Monday, June 20, 2011

I'm in the Wrong Business Part 983: European Carbon 'Fat Cats' Have Stashed Over $10 Billion Worth of Carbon Credits

Man-o-Mandingo, that should have been me.
All the U.S. cap-and-trade plans, Waxman-Markey, the Lieberman (I-GE) et al iterations etc., had allowance giveaways to those companies that would cozy up to the politicians and I coulda been one of them. Damn.
And these guys don't even say Danke to the hausfraus who foot the bill.
I would have.
CO2 got as low as 15.47 euros ($21.96) a tonne this morning.

From the Guardian:
Europe's top industrial firms have a cache of 240m pollution permit
European Commission estimates energy-intensive sector will have accumulated allowances worth €7-12bn by the end of 2012
Some of Europe's largest industrial companies gained billions of euros from the carbon emission rules they lobbied fiercely against, new analysis reveals today.

Ten steel and cement companies have amassed 240m carbon pollution permits from generous allocations, according to a report by Sandbag, the carbon trading thinktank, seen by the Guardian.

The free permits, granted to companies with a market value of €4bn (£3.5bn), can be sold or kept for future use. The European commission estimates that the entire energy-intensive sector will have accumulated allowances worth €7bn-€12bn by the end of 2012.

"More and more businesses see that Europe's future lies in a highly efficient economy with low pollution," Baroness Worthington, Sandbag's founding director, said. "But a small group of carbon fat-cat companies are trying to stop this, in spite of making billions from a windfall of free pollution permits."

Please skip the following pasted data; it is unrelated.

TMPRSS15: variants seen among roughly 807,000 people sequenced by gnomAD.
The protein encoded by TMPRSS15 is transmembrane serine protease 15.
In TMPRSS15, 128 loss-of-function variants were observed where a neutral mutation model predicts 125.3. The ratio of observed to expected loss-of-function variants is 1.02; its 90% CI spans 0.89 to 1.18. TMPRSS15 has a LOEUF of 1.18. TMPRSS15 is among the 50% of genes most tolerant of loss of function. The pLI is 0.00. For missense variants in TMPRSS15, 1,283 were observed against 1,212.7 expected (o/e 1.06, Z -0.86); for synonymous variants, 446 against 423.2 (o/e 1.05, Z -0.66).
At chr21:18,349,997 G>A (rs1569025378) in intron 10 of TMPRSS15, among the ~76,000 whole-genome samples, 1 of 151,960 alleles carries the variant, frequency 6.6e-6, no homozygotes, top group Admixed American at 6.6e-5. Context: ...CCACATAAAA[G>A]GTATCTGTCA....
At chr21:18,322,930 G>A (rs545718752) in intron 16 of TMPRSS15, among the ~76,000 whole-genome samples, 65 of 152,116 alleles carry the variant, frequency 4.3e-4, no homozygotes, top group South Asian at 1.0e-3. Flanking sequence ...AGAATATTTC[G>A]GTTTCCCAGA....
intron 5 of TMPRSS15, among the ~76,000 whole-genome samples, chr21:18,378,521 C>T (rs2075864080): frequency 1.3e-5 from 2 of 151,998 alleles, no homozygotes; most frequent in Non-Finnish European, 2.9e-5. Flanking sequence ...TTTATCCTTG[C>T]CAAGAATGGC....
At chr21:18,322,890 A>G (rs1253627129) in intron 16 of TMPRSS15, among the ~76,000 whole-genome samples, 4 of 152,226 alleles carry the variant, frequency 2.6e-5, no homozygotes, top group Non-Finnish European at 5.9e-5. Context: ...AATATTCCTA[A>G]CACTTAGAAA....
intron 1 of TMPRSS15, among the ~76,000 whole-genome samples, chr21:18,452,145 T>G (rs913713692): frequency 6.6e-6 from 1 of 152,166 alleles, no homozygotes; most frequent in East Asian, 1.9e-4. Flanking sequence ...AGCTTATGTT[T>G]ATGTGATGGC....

The steelmaker ArcelorMittal leads the list of companies in the report, with a current surplus valued at €1.7bn, followed by Lafarge, the cement group.

Tata Steel, in third place with a surplus valued at €393m, last month announced 1,500 job losses at its plants in Lincolnshire and Teesside, blaming emissions regulations as well as the economic downturn. Karl-Ulrich Köhler, chief executive of Tata Steel Europe, said at the time: "EU carbon legislation threatens to impose huge additional costs on the steel industry." Tata Steel declined to comment on the report....MORE
There are so many ways to game this racket, the collect-the-permits-and-move-the-plant scam is one of the more elementary approaches.

Here are Sandbag's Carbon Fat Cats 2011
Tata's surly spokesman:

Fat cat!

The elegant Lord Stern, he of the epynomous report and Vice-Chair of carbon trading advisor IDEAcarbon:

Fat Cat

An unnamed pollutocrat from the European Commission's Directorate-General for Climate Action:

fat cat